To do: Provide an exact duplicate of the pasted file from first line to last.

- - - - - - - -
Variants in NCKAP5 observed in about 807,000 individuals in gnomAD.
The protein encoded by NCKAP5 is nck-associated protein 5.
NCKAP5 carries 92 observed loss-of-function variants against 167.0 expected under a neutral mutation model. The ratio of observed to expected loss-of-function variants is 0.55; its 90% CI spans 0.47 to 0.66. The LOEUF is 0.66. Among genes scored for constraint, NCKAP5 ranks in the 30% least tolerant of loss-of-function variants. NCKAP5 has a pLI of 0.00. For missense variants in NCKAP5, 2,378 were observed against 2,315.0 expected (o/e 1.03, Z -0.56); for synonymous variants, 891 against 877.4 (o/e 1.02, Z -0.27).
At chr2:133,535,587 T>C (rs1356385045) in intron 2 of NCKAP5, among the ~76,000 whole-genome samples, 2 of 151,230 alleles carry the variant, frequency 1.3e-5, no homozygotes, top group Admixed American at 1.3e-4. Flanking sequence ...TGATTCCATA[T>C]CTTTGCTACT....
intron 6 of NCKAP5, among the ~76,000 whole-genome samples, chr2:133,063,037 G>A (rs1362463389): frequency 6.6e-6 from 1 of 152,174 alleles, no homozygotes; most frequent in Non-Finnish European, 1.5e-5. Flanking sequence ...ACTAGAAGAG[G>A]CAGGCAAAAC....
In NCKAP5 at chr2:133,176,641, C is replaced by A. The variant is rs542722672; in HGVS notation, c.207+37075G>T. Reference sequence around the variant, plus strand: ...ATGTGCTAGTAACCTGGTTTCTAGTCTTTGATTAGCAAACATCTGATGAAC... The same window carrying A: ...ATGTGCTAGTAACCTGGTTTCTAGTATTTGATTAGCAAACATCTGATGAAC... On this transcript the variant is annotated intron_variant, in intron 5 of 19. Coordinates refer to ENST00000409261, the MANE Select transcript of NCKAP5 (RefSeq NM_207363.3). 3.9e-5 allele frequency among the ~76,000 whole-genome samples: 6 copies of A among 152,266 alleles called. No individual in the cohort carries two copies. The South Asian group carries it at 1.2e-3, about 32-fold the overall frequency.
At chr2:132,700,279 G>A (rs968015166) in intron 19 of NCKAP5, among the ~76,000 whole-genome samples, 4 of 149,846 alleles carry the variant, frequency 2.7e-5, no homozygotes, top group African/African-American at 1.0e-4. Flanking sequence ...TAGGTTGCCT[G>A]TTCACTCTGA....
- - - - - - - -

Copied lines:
Variants in NCKAP5 observed in about 807,000 individuals in gnomAD.
The protein encoded by NCKAP5 is nck-associated protein 5.
NCKAP5 carries 92 observed loss-of-function variants against 167.0 expected under a neutral mutation model. The ratio of observed to expected loss-of-function variants is 0.55; its 90% CI spans 0.47 to 0.66. The LOEUF is 0.66. Among genes scored for constraint, NCKAP5 ranks in the 30% least tolerant of loss-of-function variants. NCKAP5 has a pLI of 0.00. For missense variants in NCKAP5, 2,378 were observed against 2,315.0 expected (o/e 1.03, Z -0.56); for synonymous variants, 891 against 877.4 (o/e 1.02, Z -0.27).
At chr2:133,535,587 T>C (rs1356385045) in intron 2 of NCKAP5, among the ~76,000 whole-genome samples, 2 of 151,230 alleles carry the variant, frequency 1.3e-5, no homozygotes, top group Admixed American at 1.3e-4. Flanking sequence ...TGATTCCATA[T>C]CTTTGCTACT....
intron 6 of NCKAP5, among the ~76,000 whole-genome samples, chr2:133,063,037 G>A (rs1362463389): frequency 6.6e-6 from 1 of 152,174 alleles, no homozygotes; most frequent in Non-Finnish European, 1.5e-5. Flanking sequence ...ACTAGAAGAG[G>A]CAGGCAAAAC....
In NCKAP5 at chr2:133,176,641, C is replaced by A. The variant is rs542722672; in HGVS notation, c.207+37075G>T. Reference sequence around the variant, plus strand: ...ATGTGCTAGTAACCTGGTTTCTAGTCTTTGATTAGCAAACATCTGATGAAC... The same window carrying A: ...ATGTGCTAGTAACCTGGTTTCTAGTATTTGATTAGCAAACATCTGATGAAC... On this transcript the variant is annotated intron_variant, in intron 5 of 19. Coordinates refer to ENST00000409261, the MANE Select transcript of NCKAP5 (RefSeq NM_207363.3). 3.9e-5 allele frequency among the ~76,000 whole-genome samples: 6 copies of A among 152,266 alleles called. No individual in the cohort carries two copies. The South Asian group carries it at 1.2e-3, about 32-fold the overall frequency.
At chr2:132,700,279 G>A (rs968015166) in intron 19 of NCKAP5, among the ~76,000 whole-genome samples, 4 of 149,846 alleles carry the variant, frequency 2.7e-5, no homozygotes, top group African/African-American at 1.0e-4. Flanking sequence ...TAGGTTGCCT[G>A]TTCACTCTGA....